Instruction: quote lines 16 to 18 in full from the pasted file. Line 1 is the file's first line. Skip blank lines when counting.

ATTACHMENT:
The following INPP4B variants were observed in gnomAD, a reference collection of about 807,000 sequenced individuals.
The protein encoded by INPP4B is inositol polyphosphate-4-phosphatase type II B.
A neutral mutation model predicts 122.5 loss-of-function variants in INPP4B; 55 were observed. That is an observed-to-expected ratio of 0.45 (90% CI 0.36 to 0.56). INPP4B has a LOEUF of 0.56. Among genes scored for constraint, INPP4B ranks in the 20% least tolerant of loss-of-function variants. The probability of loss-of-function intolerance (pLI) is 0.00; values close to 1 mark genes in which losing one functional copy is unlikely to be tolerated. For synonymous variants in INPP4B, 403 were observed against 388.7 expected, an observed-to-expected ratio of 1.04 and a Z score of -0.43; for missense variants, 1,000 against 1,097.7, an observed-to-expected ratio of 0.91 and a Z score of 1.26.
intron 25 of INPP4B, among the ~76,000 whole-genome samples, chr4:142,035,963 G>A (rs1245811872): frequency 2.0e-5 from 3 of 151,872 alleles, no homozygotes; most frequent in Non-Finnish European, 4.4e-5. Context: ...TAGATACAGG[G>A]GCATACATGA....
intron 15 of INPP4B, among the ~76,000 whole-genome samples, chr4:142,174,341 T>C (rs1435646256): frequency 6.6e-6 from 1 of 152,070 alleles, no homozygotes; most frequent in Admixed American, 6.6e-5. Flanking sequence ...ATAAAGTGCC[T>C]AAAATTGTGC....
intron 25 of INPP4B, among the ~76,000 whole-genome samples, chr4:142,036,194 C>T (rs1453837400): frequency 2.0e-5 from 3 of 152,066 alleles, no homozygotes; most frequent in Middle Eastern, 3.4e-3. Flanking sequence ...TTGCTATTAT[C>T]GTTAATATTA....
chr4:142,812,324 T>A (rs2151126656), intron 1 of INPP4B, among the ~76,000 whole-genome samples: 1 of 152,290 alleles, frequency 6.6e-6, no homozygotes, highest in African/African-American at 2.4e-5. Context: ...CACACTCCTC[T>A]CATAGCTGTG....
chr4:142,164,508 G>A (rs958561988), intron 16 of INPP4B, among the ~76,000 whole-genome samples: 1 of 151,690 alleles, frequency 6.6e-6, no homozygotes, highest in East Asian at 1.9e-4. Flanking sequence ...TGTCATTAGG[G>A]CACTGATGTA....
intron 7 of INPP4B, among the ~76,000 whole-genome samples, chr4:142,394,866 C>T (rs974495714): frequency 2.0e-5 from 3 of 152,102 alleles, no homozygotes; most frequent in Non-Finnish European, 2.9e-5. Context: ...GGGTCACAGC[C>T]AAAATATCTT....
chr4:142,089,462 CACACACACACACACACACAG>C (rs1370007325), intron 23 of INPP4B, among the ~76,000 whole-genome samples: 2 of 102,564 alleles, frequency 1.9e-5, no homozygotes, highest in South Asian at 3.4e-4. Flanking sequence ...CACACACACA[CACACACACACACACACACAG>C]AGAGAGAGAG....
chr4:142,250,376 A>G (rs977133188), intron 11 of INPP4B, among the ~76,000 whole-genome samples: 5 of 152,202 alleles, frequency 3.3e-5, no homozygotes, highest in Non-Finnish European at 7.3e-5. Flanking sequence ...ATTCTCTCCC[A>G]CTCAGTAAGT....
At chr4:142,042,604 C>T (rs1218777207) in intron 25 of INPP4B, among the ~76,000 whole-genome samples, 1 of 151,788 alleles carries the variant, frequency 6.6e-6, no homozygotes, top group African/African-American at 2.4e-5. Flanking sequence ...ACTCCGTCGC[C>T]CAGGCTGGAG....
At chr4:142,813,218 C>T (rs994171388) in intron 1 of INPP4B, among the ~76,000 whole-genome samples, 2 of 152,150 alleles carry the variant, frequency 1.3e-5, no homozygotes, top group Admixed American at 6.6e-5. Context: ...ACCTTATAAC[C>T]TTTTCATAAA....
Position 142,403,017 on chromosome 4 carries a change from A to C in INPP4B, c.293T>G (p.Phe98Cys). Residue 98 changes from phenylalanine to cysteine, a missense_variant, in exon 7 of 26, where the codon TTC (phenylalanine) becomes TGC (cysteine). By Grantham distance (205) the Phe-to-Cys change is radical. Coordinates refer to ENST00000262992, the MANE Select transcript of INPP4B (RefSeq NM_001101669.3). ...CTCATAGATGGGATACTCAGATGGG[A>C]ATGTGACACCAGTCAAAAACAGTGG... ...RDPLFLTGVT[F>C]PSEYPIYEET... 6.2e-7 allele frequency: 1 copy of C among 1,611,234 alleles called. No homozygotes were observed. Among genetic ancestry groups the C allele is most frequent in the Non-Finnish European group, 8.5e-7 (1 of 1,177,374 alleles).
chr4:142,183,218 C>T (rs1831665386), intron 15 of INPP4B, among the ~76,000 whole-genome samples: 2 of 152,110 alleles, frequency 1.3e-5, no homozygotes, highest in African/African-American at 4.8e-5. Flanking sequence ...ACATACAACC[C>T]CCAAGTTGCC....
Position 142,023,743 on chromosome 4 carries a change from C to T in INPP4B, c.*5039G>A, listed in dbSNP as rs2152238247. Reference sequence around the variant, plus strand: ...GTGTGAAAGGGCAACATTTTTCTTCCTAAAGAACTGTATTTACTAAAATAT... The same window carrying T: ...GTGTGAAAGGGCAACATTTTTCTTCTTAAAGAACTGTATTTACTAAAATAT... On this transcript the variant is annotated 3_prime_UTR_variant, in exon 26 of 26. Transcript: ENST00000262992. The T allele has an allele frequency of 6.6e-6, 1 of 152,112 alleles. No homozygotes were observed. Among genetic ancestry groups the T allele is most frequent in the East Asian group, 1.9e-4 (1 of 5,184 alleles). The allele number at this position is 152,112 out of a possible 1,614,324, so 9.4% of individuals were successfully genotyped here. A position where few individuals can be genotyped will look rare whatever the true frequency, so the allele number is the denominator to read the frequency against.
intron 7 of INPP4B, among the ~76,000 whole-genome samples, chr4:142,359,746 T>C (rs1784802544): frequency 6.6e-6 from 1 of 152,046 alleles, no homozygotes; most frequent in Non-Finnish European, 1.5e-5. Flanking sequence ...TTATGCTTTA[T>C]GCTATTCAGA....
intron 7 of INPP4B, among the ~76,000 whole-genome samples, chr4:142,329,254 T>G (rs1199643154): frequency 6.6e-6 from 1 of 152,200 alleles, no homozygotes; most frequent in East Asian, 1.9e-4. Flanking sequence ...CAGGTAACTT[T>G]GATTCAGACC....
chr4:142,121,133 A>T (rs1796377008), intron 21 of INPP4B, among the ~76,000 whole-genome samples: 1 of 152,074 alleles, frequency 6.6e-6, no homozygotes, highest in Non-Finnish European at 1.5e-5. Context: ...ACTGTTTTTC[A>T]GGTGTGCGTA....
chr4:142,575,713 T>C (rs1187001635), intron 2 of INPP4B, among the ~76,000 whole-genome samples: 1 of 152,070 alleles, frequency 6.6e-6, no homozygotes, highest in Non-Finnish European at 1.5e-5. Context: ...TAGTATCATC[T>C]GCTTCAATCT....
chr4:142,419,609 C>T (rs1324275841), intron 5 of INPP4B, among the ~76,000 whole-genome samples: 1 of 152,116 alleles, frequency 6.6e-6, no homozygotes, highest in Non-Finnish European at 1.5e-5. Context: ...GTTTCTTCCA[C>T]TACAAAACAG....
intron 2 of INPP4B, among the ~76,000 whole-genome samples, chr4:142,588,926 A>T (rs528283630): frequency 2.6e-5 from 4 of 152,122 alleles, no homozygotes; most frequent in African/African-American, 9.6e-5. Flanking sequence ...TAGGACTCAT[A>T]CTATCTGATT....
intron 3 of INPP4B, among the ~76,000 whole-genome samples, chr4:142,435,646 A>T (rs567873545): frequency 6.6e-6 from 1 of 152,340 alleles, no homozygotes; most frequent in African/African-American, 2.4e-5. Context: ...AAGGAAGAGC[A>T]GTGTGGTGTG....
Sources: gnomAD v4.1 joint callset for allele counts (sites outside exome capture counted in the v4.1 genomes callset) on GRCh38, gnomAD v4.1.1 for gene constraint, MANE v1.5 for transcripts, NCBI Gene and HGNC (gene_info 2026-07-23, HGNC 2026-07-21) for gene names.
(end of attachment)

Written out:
Position 142,023,743 on chromosome 4 carries a change from C to T in INPP4B, c.*5039G>A, listed in dbSNP as rs2152238247. Reference sequence around the variant, plus strand: ...GTGTGAAAGGGCAACATTTTTCTTCCTAAAGAACTGTATTTACTAAAATAT... The same window carrying T: ...GTGTGAAAGGGCAACATTTTTCTTCTTAAAGAACTGTATTTACTAAAATAT... On this transcript the variant is annotated 3_prime_UTR_variant, in exon 26 of 26. Transcript: ENST00000262992. The T allele has an allele frequency of 6.6e-6, 1 of 152,112 alleles. No homozygotes were observed. Among genetic ancestry groups the T allele is most frequent in the East Asian group, 1.9e-4 (1 of 5,184 alleles). The allele number at this position is 152,112 out of a possible 1,614,324, so 9.4% of individuals were successfully genotyped here. A position where few individuals can be genotyped will look rare whatever the true frequency, so the allele number is the denominator to read the frequency against.
intron 7 of INPP4B, among the ~76,000 whole-genome samples, chr4:142,359,746 T>C (rs1784802544): frequency 6.6e-6 from 1 of 152,046 alleles, no homozygotes; most frequent in Non-Finnish European, 1.5e-5. Flanking sequence ...TTATGCTTTA[T>C]GCTATTCAGA....
intron 7 of INPP4B, among the ~76,000 whole-genome samples, chr4:142,329,254 T>G (rs1199643154): frequency 6.6e-6 from 1 of 152,200 alleles, no homozygotes; most frequent in East Asian, 1.9e-4. Flanking sequence ...CAGGTAACTT[T>G]GATTCAGACC....